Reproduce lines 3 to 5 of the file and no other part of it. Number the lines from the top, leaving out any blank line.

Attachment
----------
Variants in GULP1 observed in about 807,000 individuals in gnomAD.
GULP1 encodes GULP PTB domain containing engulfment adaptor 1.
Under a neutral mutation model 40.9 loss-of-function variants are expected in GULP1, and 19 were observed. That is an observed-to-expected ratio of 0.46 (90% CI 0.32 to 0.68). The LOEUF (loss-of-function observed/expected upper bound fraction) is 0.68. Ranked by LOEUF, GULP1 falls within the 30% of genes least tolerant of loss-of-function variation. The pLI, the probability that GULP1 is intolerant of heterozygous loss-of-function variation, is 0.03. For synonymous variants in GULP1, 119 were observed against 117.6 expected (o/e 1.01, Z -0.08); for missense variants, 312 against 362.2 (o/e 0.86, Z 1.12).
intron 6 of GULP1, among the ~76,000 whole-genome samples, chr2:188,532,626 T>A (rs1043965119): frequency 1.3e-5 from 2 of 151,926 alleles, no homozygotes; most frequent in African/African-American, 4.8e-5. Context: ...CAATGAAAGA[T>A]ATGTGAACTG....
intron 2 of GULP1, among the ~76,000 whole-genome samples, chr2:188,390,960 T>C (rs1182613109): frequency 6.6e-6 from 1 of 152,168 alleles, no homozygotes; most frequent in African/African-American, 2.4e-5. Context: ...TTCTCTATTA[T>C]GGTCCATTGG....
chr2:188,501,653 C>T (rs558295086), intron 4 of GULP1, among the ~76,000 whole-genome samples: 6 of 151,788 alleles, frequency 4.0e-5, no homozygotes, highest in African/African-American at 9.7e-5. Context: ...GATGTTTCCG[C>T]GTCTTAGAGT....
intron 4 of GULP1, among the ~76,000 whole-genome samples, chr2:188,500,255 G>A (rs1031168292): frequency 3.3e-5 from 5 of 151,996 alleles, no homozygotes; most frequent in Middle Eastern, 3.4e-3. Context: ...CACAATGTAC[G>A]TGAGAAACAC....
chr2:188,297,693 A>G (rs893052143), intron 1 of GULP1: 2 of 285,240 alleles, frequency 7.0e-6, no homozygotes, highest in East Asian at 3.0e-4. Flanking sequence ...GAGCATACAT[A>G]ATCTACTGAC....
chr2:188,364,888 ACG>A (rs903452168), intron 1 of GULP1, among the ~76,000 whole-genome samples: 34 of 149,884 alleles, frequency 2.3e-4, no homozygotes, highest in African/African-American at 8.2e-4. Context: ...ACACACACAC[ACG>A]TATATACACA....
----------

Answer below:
Under a neutral mutation model 40.9 loss-of-function variants are expected in GULP1, and 19 were observed. That is an observed-to-expected ratio of 0.46 (90% CI 0.32 to 0.68). The LOEUF (loss-of-function observed/expected upper bound fraction) is 0.68. Ranked by LOEUF, GULP1 falls within the 30% of genes least tolerant of loss-of-function variation. The pLI, the probability that GULP1 is intolerant of heterozygous loss-of-function variation, is 0.03. For synonymous variants in GULP1, 119 were observed against 117.6 expected (o/e 1.01, Z -0.08); for missense variants, 312 against 362.2 (o/e 0.86, Z 1.12).
intron 6 of GULP1, among the ~76,000 whole-genome samples, chr2:188,532,626 T>A (rs1043965119): frequency 1.3e-5 from 2 of 151,926 alleles, no homozygotes; most frequent in African/African-American, 4.8e-5. Context: ...CAATGAAAGA[T>A]ATGTGAACTG....
intron 2 of GULP1, among the ~76,000 whole-genome samples, chr2:188,390,960 T>C (rs1182613109): frequency 6.6e-6 from 1 of 152,168 alleles, no homozygotes; most frequent in African/African-American, 2.4e-5. Context: ...TTCTCTATTA[T>C]GGTCCATTGG....